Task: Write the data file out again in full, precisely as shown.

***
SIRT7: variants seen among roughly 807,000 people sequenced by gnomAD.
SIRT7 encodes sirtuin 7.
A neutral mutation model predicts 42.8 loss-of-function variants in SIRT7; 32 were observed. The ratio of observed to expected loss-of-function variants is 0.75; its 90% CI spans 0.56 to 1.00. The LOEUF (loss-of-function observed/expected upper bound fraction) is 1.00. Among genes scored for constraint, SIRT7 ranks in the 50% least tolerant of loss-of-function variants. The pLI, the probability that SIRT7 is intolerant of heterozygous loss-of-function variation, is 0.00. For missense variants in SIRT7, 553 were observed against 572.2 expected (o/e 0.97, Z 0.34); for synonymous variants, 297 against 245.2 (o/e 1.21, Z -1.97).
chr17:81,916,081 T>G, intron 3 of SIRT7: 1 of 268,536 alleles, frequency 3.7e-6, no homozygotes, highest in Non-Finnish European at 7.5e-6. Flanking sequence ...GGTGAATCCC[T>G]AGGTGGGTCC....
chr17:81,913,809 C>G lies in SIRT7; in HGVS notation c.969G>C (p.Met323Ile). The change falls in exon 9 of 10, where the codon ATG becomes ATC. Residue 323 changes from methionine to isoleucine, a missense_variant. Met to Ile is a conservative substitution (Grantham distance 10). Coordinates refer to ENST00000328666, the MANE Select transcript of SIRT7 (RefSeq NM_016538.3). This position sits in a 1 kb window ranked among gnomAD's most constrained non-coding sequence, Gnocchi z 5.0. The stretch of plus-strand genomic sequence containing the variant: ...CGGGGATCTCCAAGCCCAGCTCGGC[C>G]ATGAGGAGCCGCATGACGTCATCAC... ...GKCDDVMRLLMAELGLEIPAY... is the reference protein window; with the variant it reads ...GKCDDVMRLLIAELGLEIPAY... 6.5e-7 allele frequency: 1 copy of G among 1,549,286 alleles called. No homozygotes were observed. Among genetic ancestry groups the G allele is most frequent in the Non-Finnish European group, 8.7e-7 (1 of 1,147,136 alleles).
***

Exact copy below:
SIRT7: variants seen among roughly 807,000 people sequenced by gnomAD.
SIRT7 encodes sirtuin 7.
A neutral mutation model predicts 42.8 loss-of-function variants in SIRT7; 32 were observed. The ratio of observed to expected loss-of-function variants is 0.75; its 90% CI spans 0.56 to 1.00. The LOEUF (loss-of-function observed/expected upper bound fraction) is 1.00. Among genes scored for constraint, SIRT7 ranks in the 50% least tolerant of loss-of-function variants. The pLI, the probability that SIRT7 is intolerant of heterozygous loss-of-function variation, is 0.00. For missense variants in SIRT7, 553 were observed against 572.2 expected (o/e 0.97, Z 0.34); for synonymous variants, 297 against 245.2 (o/e 1.21, Z -1.97).
chr17:81,916,081 T>G, intron 3 of SIRT7: 1 of 268,536 alleles, frequency 3.7e-6, no homozygotes, highest in Non-Finnish European at 7.5e-6. Flanking sequence ...GGTGAATCCC[T>G]AGGTGGGTCC....
chr17:81,913,809 C>G lies in SIRT7; in HGVS notation c.969G>C (p.Met323Ile). The change falls in exon 9 of 10, where the codon ATG becomes ATC. Residue 323 changes from methionine to isoleucine, a missense_variant. Met to Ile is a conservative substitution (Grantham distance 10). Coordinates refer to ENST00000328666, the MANE Select transcript of SIRT7 (RefSeq NM_016538.3). This position sits in a 1 kb window ranked among gnomAD's most constrained non-coding sequence, Gnocchi z 5.0. The stretch of plus-strand genomic sequence containing the variant: ...CGGGGATCTCCAAGCCCAGCTCGGC[C>G]ATGAGGAGCCGCATGACGTCATCAC... ...GKCDDVMRLLMAELGLEIPAY... is the reference protein window; with the variant it reads ...GKCDDVMRLLIAELGLEIPAY... 6.5e-7 allele frequency: 1 copy of G among 1,549,286 alleles called. No homozygotes were observed. Among genetic ancestry groups the G allele is most frequent in the Non-Finnish European group, 8.7e-7 (1 of 1,147,136 alleles).